Girl scouts fill Blue Fox Drive-In
September 29, 2008 · Updated 8:25 AM
“Time for lunch ... in a cup!” the ship’s computer announced.
Children, specifically the young ones, sat wide-eyed in the back of their family minivans watching as a small waste collecting robot embarked on a space journey that decided the fate of mankind. Young women taking refuge from the rain sat under tarps; some played card games while listening to the Disney film WALL-E from a boom box.
About 280 females attended Oak Harbor’s Blue Fox Drive-In last Saturday. They were part of 39 Girl Scout troops from as far north as Sedro-Woolley and as far south as Shoreline.
Drive-ins are rare these days, and the Blue Fox offered many girls their first opportunity to sit outdoors or in a vehicle and watch a movie unfold on a giant screen.
Parents and troop leaders brought chairs, blankets and sleeping bags for the girls to camp out. Their tents (some of them neon pink) were hedged along the front of the movie screen.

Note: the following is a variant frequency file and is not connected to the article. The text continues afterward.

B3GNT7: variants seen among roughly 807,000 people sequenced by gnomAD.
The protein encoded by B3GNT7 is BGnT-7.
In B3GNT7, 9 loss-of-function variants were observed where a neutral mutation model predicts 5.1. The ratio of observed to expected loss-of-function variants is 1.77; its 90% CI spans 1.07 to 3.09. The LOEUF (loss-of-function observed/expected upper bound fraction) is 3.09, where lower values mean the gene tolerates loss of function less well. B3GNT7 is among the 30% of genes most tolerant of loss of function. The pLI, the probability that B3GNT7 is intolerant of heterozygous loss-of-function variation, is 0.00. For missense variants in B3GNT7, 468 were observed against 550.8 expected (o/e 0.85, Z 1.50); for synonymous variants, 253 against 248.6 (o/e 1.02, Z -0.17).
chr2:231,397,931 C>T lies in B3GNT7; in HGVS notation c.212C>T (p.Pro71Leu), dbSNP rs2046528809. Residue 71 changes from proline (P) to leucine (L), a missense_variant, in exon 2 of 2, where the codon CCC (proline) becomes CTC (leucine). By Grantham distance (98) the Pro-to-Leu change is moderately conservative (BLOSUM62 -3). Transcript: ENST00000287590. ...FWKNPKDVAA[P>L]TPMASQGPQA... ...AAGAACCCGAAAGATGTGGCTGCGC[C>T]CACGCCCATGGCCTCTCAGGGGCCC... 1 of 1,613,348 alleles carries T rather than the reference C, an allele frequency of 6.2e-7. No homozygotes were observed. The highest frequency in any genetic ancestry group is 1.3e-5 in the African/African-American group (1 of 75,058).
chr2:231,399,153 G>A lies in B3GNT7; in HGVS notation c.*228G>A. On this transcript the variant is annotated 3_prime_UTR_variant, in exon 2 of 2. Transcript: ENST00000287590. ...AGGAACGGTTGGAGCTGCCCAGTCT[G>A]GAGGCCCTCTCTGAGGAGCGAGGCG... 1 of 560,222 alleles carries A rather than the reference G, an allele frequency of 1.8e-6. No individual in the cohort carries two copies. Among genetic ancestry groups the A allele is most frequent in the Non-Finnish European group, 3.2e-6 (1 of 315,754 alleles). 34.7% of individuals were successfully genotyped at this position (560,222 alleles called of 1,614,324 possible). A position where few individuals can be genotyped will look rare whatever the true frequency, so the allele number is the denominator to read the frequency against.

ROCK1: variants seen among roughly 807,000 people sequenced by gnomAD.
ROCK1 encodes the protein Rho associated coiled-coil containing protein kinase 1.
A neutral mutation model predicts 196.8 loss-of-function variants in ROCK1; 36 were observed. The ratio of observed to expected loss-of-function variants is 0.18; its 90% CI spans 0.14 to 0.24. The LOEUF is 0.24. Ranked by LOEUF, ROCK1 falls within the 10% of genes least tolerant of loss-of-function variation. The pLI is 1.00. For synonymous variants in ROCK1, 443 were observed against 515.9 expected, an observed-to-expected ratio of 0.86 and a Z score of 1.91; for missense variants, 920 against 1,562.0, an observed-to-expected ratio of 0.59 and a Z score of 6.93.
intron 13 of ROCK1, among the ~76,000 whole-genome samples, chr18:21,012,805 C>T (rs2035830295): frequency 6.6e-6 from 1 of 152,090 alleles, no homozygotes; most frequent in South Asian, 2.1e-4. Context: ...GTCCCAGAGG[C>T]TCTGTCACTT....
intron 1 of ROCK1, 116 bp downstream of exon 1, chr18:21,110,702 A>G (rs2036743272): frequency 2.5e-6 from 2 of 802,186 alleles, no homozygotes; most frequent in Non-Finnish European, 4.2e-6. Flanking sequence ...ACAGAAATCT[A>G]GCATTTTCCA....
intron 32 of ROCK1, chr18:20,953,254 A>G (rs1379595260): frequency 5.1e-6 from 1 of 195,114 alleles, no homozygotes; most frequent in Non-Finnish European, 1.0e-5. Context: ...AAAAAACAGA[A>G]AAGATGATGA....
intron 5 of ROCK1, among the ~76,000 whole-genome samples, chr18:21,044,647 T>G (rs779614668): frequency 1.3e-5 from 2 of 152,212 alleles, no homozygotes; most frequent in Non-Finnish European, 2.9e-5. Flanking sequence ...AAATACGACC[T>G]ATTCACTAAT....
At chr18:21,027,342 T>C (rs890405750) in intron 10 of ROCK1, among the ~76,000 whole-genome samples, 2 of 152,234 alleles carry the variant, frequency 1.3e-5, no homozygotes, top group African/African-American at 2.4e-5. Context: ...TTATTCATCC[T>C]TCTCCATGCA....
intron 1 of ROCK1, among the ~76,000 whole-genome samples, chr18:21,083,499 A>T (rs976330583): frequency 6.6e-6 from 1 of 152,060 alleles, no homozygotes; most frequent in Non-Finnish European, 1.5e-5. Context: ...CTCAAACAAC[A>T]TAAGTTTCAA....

Despite a day of continuous showers, the rainfall broke around 7:30 p.m., 15 minutes before the pre-movie National Anthem and patriotic car honking.
The older girls, Cadette and Junior scouts, headed to the concession stand to order pretzels and popcorn for their friends. Troop 1445 from Oak Harbor took turns riding a quarter-operated space ship as the speakers above blasted WALL-E space sound effects.
“It’s fun for all of us to get together like this, and we don’t have to watch the movie. We can go to the arcade, talk and eat ice cream,” Hannah Salmons from Troop 1445, said.
The night’s double-feature also included the film Kit Kitteredge: An American Girl, about a young woman who grows up in the early years of the Great Depression.
Organizer Lisa Harkins, a service manager for the Central Whidbey troops, said most of the girls enjoyed the familiarity of WALL-E, after watching it several times in theaters. But the message, and the fact that Kit Kittredge was a girl, animated the scouts.
“It was a chance for kids to learn about the Depression era. The girls thought it was educational,” Harkins said.
This is the fifth year girls from across the Puget Sound have caravanned into Oak Harbor for the event.
Theater owner Darryll Bratt lowered the rate for the troops and even offered a pancake breakfast the next morning.
For attending, the girls were given enameled coins which can be used for charm bracelets. Attendance grew by 125 people this year.
“It’s great to see kids from all over the Puget Sound chatting, smiling and playing games,” Harkins said. “And we’re awaiting the day it gets so big that they have to shut the theater down just for us.”